Getting a Tier 5 Youth Mobility Visa to the UK (as a Canadian/American)
All the details on getting your Tier 5 Youth Mobility Visa for the UK, as a Canadian/American living in the USA.
My British boyfriend and I had been trying to figure out a way to live in the same place (preferably city, but same country, or even continent would help) when I remembered that I’m Canadian. I’ve been living in the USA since I was five, but have still retained my dual citizenship. I was then reminded that, as a Canadian, I qualify for a special visa under the oddly titled Youth Mobility Scheme.
The Tier 5 Youth Mobility Visa is designed for those between the ages of 18 and 30 (including the age of 30) that have citizenship in Australia, New Zealand, Canada, Monaco, Japan, and Taiwan. It’s a two year, live and work visa. There’s both lots of information and not enough information on the application process, and as I nearly tore my hair out trying to figure it out, I thought I’d lay it out for anyone else wanting to give it a try.
- Between 18 and 30 years old
- Citizen of Australia, New Zealand, Canada, Monaco, Japan, or Taiwan
- Have at least £1890 in savings (around $2438 USD)
- No dependents/kids
- Haven’t used a similar working visa in the UK before
I began the application process at the end of March (and mailed it in in mid-April), and planned to travel on June 1st. I made my deadline with a few weeks to go, but I’d advise a little more time between applying and actually going. I basically applied asking to enter the country in a month and a half, but you can apply with as much as 6 months notice and be super prepared if you like.
There are a couple of steps between filling out the application and mailing it out, so give yourself about two or three weeks to complete the application.
Here’s what my costs broke down to:
Application Fee: $299 USD
NHS Surcharge: $390 USD (note: this is for 2 years)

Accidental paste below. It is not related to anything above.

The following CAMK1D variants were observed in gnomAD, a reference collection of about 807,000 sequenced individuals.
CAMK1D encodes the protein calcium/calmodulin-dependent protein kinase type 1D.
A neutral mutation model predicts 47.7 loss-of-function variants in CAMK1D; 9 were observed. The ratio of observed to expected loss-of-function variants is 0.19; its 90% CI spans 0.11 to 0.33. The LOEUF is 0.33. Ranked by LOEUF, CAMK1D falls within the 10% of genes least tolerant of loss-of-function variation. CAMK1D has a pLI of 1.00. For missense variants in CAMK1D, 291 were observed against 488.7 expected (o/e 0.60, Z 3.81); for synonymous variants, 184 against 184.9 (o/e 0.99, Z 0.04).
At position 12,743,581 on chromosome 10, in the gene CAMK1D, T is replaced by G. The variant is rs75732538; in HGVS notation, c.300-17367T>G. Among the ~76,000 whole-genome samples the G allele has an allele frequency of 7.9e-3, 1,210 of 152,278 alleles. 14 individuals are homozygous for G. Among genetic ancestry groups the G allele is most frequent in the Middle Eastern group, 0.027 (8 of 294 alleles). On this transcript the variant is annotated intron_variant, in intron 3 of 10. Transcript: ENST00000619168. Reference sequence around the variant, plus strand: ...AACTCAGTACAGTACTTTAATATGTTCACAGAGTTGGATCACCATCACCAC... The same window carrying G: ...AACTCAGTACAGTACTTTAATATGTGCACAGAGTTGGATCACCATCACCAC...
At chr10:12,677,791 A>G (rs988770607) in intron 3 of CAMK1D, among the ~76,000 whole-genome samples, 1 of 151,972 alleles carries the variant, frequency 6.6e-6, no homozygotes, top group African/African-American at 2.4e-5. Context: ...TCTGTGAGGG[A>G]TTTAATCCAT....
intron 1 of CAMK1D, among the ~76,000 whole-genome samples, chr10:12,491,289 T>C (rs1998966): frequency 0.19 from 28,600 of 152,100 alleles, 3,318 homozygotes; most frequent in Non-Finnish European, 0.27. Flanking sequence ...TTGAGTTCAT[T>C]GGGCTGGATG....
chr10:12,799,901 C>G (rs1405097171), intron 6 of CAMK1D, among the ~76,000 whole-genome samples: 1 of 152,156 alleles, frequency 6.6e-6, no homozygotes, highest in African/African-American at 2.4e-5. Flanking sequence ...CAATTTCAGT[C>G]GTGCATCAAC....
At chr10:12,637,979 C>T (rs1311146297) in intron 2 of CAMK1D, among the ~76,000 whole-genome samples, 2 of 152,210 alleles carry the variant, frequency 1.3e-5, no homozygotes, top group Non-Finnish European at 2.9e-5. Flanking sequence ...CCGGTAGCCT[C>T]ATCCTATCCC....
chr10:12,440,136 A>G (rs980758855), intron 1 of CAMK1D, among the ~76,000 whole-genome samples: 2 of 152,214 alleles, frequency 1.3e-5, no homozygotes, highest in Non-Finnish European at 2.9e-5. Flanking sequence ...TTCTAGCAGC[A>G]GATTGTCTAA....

UK Passport Photos: $15 USD
Shipping: $68 USD
There’s not much variance on the costs though, unless you already have UK passport photos or don’t mind how long it takes your application to arrive.
Current Canadian Passport
UK Passport Photo
Biometric Resident Permit
Return Mailing Label
(optional) Photocopies of Passport
Step 1: Fill out your application
This can be found at: https://www.visa4uk.fco.gov.uk/
It’s fairly self-explanatory but quite long. It does require you to list out all the countries you’ve visited in the last ten years, which can be kind of a slog if you’re of the nomadic sort, but do your best. I definitely think I forgot a country or two, but it’s hard to think back ten years. I used my passport and tried to read the stamps as a memory aid, and went through my emails and photos as well. The form also asks you for the purpose of the trip — I answered with Vacation, Study, or Family. Like any governmental form, be thorough, make sure everything is spelled right, no nicknames, etc.
You will also pay for your application through this portal and select your Bioemetric Resident Permit collection location in the UK.
The next step is to make a biometrics appointment at a USCIS location, which is a US Citizenship and Immigration Services office, which sounds pretty intense. I selected the office in Oakland, California — in which it advised me to pay for the biometrics fee online as the office didn’t accept payment onsite. Oddly enough — I couldn’t figure out how to pay it online, so I just hoped for the best once I arrived and didn’t end up having to deal with it onsite either.